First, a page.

Archive | June 2013

The Week in iPad Cases: Great Scott!

Hello? McFly? The Back to the Future iPad Case (iPad 2, 3, and 4; £20) features the cover of the Grays Sports Almanac that served as a pivotal plot device in the second installment of the popular film series.

It features a generous amount of padding and an excellent level of detail—all the way down the spelling mistakes that, according to the manufacturer, were in the original prop. Macworld was unable to confirm whether the case would be safe to use at speeds over 88 miles per hour.

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The Week in iOS Apps: A better connection

We’d normally find the temptation to make Canadian jokes too strong to resist, but the free McLaren’s Workshop app for iPad is just too neat to dismiss with mere McKenzie Brothers jokes. The app celebrates the work of Canadian animator Norman McLaren, including including 51 of his short films and a biographical essay. The app also invites creativity, showing users how McLaren performed his animation while giving users the opportunity to make their own using his techniques. It’s cooler than the Great White North.

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Inside the technology behind iOS 7's parallax effect

When iOS 7 arrives this fall, there will be plenty of new features coming our way. From a completely reimagined (if somewhat controversial) look to a new paradigm of user experience, it seems that Apple has gone all out in its attempt to reinvent the mobile operating system for the next decade.

Among these, the “parallax effect” is destined to change the way we physically interact with our mobile electronics. Through a bit of clever programming, it turns the screen into something more: a pane of glass behind which users can see a three-dimensional world that shifts and tilts alongside the device itself.

Perspective and parallax

The basic principle that makes parallax possible is a quirk in the way the human perception of size works. Because the eye works by forcing light through a single point, the brain has learned to measure the size of objects based on the apparent angle between their extremities, as measured from our pupils. As a result, objects that are nearer tend to appear larger, while things that are farther away seem smaller.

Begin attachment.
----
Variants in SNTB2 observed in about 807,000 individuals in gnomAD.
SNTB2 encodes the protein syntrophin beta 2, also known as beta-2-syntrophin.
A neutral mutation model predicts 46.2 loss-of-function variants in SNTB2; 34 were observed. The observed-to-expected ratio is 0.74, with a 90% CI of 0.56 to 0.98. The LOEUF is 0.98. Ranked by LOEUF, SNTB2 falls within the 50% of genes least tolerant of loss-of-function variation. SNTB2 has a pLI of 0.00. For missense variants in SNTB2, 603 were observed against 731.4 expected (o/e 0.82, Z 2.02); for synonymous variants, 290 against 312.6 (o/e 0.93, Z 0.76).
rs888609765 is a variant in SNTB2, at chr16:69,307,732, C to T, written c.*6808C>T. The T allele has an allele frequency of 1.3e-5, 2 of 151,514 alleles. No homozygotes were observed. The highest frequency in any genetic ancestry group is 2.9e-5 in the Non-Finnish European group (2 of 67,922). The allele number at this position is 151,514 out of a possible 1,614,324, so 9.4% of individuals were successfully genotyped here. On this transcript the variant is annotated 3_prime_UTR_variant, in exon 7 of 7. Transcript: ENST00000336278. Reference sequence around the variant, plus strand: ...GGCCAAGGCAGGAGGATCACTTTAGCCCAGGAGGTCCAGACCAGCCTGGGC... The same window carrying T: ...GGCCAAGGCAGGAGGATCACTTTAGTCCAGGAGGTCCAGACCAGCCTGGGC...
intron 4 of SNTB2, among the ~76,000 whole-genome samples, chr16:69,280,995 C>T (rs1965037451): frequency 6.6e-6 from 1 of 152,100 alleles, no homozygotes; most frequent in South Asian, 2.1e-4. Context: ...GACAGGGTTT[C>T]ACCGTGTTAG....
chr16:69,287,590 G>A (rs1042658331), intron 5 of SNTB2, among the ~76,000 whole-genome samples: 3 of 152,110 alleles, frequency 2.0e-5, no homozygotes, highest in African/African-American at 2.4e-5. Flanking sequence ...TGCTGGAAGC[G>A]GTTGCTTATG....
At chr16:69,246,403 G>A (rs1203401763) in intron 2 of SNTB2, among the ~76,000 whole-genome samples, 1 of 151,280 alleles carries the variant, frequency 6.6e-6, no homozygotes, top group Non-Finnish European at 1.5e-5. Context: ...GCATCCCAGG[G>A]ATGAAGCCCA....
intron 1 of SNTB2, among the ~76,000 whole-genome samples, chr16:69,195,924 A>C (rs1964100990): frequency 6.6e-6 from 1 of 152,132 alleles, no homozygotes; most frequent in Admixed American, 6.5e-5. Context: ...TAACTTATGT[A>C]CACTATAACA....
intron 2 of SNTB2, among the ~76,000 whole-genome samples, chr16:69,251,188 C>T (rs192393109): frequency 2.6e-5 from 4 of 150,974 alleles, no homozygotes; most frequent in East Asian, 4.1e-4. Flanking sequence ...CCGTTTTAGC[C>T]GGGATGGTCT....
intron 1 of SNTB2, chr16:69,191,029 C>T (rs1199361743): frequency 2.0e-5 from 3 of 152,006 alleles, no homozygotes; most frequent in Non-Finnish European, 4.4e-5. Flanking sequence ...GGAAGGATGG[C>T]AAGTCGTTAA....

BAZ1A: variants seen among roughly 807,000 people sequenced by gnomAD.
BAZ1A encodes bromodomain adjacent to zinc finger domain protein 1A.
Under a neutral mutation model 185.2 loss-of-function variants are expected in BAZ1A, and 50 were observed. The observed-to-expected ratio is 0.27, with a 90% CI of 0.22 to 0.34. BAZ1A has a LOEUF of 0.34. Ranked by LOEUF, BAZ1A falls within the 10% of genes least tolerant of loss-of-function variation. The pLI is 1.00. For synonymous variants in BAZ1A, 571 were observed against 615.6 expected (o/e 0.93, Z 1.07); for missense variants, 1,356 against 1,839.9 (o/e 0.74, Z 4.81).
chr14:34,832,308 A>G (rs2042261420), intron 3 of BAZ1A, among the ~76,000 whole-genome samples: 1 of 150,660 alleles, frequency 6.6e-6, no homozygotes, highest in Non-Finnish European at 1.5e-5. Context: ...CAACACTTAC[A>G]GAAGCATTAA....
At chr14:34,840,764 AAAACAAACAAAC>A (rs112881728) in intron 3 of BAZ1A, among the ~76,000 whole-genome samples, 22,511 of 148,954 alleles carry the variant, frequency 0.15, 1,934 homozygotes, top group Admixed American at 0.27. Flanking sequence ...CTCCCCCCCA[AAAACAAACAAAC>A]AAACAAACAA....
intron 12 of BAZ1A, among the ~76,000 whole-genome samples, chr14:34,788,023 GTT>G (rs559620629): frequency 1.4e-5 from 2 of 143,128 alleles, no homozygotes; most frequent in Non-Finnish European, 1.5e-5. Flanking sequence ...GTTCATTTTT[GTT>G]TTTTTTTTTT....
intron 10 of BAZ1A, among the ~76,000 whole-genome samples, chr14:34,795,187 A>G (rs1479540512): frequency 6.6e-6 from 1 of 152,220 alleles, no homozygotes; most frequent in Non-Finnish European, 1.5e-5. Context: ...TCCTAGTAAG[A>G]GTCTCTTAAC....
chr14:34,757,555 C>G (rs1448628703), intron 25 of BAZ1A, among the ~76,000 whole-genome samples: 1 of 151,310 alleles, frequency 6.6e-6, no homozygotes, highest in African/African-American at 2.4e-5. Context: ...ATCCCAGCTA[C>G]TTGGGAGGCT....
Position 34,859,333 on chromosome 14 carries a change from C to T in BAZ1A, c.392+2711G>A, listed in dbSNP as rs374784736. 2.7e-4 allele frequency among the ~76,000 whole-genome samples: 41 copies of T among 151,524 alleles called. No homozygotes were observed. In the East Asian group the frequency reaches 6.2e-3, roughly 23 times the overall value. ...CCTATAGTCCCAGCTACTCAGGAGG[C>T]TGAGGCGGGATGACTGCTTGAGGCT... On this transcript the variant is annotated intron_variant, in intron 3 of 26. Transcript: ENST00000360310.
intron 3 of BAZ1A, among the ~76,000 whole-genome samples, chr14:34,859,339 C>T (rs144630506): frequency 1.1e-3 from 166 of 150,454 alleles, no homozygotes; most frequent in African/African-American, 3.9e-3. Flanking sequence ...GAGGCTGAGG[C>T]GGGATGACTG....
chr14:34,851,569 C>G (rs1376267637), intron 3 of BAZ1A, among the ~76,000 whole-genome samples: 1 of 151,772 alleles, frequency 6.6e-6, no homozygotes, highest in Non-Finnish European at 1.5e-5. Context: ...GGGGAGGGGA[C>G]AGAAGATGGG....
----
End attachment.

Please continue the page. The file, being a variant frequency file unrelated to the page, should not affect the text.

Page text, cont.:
This is the basis for our perception of perspective, and parallax is simply the apparent motion that objects take when you move around them. …read more

Remains of the Day: Supreme beings

The Supremes smile down on Apple and the friendly skies are now full of iPads, but Tim Cook’s got nothing but downside. The remainders for Monday, June 24, 2013 have their ups and downs.

Apple Win in Mirror Worlds Case Left Intact by High Court (Bloomberg)

The U.S. Supreme Court declined to hear an appeal in the Apple vs. Mirror Worlds LLC case, in which Apple was accused of infringing upon patents for indexing files and documents. As such, Apple’s win holds, and if Mirror Worlds wants to try again, might I suggest … a parallel dimension?

Apple’s iPad now in use in all American Airlines cockpits (AppleInsider)

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The Week in iOS Apps: Picture perfect

Once there was voicemail; now there’s video mail. Skype, the grandaddy of VoIP apps, now allows users to record up-to-3-minute video messages and send those messages to other Skype users. If you’re not a paid subscriber to Skype and only use the free service, you can send up to 25 video messages before you need to shell out.

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Apple will roll out iPads to Los Angeles public school students this fall

In my earliest school years, the Apple IIgs was cutting edge, because it could run Number Munchers like nobody’s business. But just to remind me how very, very advanced in age I am, Apple said on Wednesday that the Los Angeles School Board of Education had given its approval to deploy iPads to students across the district, beginning this fall.

The deal, worth $30 million, will see an iPad distributed to every student on 47 campuses for the coming school year—and that’s just the beginning. Jaime Aquino, the Los Angeles Unified School District’s Deputy Superintendent of Instruction, said that the goal is to provide every child with a device by 2014. The iPad was chosen because a review board that included students and teachers gave it top marks; it was also rated best in quality as well as being the most cost-effective option.